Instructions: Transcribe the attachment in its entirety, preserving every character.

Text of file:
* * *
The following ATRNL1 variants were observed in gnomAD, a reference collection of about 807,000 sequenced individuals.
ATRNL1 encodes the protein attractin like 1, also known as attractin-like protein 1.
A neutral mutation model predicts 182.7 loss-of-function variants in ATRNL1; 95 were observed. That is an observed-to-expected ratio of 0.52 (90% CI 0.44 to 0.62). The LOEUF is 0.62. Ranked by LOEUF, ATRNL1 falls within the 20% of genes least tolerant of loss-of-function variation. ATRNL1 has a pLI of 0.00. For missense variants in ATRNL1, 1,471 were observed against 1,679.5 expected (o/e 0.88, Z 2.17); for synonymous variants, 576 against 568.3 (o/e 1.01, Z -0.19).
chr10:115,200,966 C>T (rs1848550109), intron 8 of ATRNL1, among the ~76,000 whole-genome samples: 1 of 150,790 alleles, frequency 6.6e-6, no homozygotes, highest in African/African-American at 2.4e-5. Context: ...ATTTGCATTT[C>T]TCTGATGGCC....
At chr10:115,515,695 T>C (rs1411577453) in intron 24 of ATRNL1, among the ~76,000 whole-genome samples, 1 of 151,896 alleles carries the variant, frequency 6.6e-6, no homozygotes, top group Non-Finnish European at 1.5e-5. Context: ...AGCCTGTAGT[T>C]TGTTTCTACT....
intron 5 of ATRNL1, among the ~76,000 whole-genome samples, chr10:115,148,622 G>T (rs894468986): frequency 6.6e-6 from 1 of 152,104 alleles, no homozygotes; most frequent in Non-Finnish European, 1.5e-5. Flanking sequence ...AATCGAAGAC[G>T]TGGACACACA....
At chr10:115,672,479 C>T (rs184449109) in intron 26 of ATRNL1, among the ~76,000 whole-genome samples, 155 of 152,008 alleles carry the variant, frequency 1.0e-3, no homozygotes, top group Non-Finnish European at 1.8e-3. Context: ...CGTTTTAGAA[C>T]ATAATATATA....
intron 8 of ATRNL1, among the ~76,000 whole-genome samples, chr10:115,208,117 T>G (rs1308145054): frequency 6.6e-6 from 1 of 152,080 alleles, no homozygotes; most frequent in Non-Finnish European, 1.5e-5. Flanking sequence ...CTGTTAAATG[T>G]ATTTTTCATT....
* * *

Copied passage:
The following ATRNL1 variants were observed in gnomAD, a reference collection of about 807,000 sequenced individuals.
ATRNL1 encodes the protein attractin like 1, also known as attractin-like protein 1.
A neutral mutation model predicts 182.7 loss-of-function variants in ATRNL1; 95 were observed. That is an observed-to-expected ratio of 0.52 (90% CI 0.44 to 0.62). The LOEUF is 0.62. Ranked by LOEUF, ATRNL1 falls within the 20% of genes least tolerant of loss-of-function variation. ATRNL1 has a pLI of 0.00. For missense variants in ATRNL1, 1,471 were observed against 1,679.5 expected (o/e 0.88, Z 2.17); for synonymous variants, 576 against 568.3 (o/e 1.01, Z -0.19).
chr10:115,200,966 C>T (rs1848550109), intron 8 of ATRNL1, among the ~76,000 whole-genome samples: 1 of 150,790 alleles, frequency 6.6e-6, no homozygotes, highest in African/African-American at 2.4e-5. Context: ...ATTTGCATTT[C>T]TCTGATGGCC....
At chr10:115,515,695 T>C (rs1411577453) in intron 24 of ATRNL1, among the ~76,000 whole-genome samples, 1 of 151,896 alleles carries the variant, frequency 6.6e-6, no homozygotes, top group Non-Finnish European at 1.5e-5. Context: ...AGCCTGTAGT[T>C]TGTTTCTACT....
intron 5 of ATRNL1, among the ~76,000 whole-genome samples, chr10:115,148,622 G>T (rs894468986): frequency 6.6e-6 from 1 of 152,104 alleles, no homozygotes; most frequent in Non-Finnish European, 1.5e-5. Flanking sequence ...AATCGAAGAC[G>T]TGGACACACA....
At chr10:115,672,479 C>T (rs184449109) in intron 26 of ATRNL1, among the ~76,000 whole-genome samples, 155 of 152,008 alleles carry the variant, frequency 1.0e-3, no homozygotes, top group Non-Finnish European at 1.8e-3. Context: ...CGTTTTAGAA[C>T]ATAATATATA....
intron 8 of ATRNL1, among the ~76,000 whole-genome samples, chr10:115,208,117 T>G (rs1308145054): frequency 6.6e-6 from 1 of 152,080 alleles, no homozygotes; most frequent in Non-Finnish European, 1.5e-5. Flanking sequence ...CTGTTAAATG[T>G]ATTTTTCATT....